'I'll sell what I want': What Wakefield off licence manager told police before illicit cigarettes raid

An off-licence manager told police he could "sell whatever I want", months before thousands of illicit cigarettes were found at the premises.

By The Newsroom
Monday, 18th November 2019, 1:14 pm
Updated Monday, 18th November 2019, 1:30 pm

Kamal Qadri owned Tyskie, on Kirkgate in Wakefield, which police have said is favoured by "beggars and street drinkers".

A licensing hearing on Friday was told how Qadri was initially reluctant to co-operate with police on a voluntary can-marking initiative, designed to crack down on street drinking and sales of cheap super-strength booze in the area.

He later agreed to take part, at the beginning of 2019, but police then found he'd drafted in a batch of ciders to replace the lager cans which had been carefully marked by officers.

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Qadri ran Tyskie, on Kirkgate in Wakefield.

Tyskie has now lost its licence to sell alcohol after around 8,000 illicit cigarettes were discovered at the store in a raid on September 21.

Police barrister Olivia Checa-Dover told the hearing: "The chronology to this is very troubling.

"Switching the lager cans for cider was against the whole spirit of what was trying to be achieved.

"When challenged about this, Mr Qadri's resonse was, "I'll sell whatever I want".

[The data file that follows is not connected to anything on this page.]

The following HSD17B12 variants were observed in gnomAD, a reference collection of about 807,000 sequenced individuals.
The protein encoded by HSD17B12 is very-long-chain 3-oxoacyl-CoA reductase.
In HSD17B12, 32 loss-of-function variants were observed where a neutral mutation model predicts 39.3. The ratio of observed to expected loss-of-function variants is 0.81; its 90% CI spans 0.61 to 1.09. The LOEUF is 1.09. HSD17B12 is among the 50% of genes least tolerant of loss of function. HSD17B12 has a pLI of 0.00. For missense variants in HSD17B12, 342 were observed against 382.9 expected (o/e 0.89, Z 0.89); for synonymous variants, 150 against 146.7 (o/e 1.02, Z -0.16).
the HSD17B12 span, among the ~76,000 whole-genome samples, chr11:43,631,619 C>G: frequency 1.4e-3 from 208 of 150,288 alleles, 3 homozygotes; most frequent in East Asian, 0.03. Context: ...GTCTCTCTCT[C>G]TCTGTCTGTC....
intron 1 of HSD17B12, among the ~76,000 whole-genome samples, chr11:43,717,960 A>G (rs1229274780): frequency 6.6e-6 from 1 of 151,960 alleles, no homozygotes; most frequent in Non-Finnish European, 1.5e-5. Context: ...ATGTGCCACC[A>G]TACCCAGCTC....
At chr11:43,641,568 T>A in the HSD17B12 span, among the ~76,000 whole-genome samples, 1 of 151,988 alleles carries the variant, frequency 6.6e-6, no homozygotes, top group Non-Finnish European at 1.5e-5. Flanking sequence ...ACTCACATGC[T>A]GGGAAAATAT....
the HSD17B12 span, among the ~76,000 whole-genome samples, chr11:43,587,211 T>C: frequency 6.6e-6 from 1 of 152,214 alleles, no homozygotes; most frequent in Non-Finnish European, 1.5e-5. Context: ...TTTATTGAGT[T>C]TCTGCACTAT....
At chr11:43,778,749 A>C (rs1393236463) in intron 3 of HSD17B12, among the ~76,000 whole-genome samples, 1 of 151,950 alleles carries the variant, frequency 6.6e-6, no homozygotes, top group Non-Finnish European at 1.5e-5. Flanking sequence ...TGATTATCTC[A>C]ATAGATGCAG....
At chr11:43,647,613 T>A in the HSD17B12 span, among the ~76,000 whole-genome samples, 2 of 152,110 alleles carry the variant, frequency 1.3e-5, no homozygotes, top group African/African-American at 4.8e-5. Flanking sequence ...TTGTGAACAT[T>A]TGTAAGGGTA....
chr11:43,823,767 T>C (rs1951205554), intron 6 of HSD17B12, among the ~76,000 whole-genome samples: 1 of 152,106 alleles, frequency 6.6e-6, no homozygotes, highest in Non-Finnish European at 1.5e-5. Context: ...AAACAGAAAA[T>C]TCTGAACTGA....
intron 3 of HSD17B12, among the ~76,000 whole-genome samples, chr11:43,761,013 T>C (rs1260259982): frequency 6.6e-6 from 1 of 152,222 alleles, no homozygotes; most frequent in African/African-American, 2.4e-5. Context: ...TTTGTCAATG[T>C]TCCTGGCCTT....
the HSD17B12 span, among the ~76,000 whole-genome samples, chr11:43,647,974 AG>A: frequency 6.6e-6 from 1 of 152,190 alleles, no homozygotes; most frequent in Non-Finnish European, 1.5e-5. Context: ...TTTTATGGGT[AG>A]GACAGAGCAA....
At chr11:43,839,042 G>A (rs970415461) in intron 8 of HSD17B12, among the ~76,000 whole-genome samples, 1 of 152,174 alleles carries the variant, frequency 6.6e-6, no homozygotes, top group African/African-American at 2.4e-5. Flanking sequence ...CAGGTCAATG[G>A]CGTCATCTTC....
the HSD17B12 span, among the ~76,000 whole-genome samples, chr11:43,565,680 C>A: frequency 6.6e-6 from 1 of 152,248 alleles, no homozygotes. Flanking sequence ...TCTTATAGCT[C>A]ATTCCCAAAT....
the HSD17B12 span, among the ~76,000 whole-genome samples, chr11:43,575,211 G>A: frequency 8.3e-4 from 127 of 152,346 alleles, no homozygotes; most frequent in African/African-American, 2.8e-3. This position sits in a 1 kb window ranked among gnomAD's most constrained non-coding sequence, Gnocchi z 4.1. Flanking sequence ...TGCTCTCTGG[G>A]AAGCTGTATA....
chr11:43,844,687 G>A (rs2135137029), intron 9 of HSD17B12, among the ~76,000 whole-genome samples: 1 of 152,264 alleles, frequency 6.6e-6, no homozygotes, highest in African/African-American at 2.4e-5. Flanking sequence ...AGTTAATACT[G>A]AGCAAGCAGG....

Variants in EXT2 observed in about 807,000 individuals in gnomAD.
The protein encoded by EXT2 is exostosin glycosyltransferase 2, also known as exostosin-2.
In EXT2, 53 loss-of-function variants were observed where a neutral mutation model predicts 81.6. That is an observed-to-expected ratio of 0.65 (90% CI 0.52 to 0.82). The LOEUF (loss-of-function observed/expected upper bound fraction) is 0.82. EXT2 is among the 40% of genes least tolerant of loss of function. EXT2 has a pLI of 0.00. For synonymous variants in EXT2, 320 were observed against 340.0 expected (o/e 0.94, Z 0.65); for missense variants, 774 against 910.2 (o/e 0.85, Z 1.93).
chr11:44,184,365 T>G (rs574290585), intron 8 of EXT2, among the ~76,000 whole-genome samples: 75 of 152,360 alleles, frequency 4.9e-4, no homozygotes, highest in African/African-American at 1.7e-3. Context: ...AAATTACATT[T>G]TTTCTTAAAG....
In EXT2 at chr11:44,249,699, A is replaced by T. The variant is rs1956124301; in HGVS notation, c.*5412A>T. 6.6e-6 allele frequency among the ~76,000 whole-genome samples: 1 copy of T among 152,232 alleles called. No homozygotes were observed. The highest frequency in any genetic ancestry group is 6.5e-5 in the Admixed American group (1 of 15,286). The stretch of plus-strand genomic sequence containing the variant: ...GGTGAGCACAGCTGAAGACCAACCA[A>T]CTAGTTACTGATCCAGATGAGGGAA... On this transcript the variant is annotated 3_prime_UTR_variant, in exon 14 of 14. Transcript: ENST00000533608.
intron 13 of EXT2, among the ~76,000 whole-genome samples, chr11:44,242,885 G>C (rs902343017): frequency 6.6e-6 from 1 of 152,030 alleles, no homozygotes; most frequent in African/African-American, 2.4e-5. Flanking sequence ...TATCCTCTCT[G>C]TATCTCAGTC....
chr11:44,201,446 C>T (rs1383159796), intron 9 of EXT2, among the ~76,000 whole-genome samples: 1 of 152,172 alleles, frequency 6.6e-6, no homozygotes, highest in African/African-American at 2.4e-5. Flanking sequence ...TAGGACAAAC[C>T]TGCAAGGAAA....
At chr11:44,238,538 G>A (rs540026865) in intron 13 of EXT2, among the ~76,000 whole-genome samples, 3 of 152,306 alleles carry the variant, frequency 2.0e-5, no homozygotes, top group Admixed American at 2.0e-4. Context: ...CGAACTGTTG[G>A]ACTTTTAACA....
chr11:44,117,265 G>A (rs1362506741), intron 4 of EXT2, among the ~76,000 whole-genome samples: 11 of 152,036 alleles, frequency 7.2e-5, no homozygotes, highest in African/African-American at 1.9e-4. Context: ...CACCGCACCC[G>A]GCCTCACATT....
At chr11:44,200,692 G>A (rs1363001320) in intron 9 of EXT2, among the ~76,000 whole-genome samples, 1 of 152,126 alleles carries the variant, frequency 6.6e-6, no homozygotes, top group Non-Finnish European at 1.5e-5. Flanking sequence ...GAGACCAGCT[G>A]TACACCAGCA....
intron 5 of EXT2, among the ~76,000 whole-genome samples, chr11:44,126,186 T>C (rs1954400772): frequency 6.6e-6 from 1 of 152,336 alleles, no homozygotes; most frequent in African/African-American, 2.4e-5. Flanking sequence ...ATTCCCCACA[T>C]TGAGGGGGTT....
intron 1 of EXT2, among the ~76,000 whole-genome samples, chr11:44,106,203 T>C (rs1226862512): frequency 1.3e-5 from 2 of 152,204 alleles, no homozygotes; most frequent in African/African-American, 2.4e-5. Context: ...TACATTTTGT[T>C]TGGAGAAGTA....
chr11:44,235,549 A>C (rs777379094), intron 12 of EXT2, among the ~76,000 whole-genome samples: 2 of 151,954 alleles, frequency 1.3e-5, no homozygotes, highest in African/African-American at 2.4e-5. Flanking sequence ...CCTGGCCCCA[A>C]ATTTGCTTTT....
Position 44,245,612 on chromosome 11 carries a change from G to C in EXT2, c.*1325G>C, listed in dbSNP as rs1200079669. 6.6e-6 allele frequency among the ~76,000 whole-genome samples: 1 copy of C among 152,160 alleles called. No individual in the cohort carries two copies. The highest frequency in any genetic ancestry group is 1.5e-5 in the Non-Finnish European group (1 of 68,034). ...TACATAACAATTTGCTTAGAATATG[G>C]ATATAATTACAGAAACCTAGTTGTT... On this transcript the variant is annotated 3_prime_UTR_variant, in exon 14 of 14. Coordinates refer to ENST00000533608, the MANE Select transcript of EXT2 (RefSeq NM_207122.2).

"And what we see from the chronology is that that's true, until someone stops them."

The hearing was told that Qadri had tried to sell the store to an employee, Asso Abbas Ali, at the end of March.

Although a deposit changed hands, police had objected to Ali becoming the licence holder and so that application was withdrawn.

Despite claiming it was no longer his business, Qadri continued to work at the store.

He did not attend the hearing, leaving his solicitor Victoria Cartmell to make representations on his behalf.

She said: "During that period (between March and September), Mr Ali started selling illicit cigarettes.

"Mr Qadri admitted he sold the cigarettes as well, but at the time his view was, "It's not my business, it's Mr Ali's responsibility".

"He admits that was a mistake. At the time he was fed up with the police's attitude, and with the problems he was having transferring the licence."

Ms Cartmell told the hearing that Qadri had not attended because he felt Ali was reponsible for the issues.

She asked the licensing panel to suspend the alcohol licence for a short period of time to allow Qadri to take back ownership of the business and "get his house in order".

But committee chair, Councillor Richard Taylor, said: "I'm quite amazed that for something as serious as this, Mr Qadri has failed to show up and put his arguments forward.

"It seems to me the police have been quite lax with him actually, at the start, and he's been given every chance to sort himself and his business out, as well as the issues between himself and Mr Ali.

"I find all of that a bit wishy-washy."

It was also said that Tyskie's electricity supply had been meddled with to bypass the store's meter in a "dangerous" way which led to a serious fire risk.

The hearing was told that Qadri "strongly denied" any involvement in abstracting electricity, and that Ali had admitted his involvement in police interviews after the September raid.

A police investigation into that matter remains ongoing.

After deliberations, the panel decided to revoke the licence.

Local Democracy Reporting Service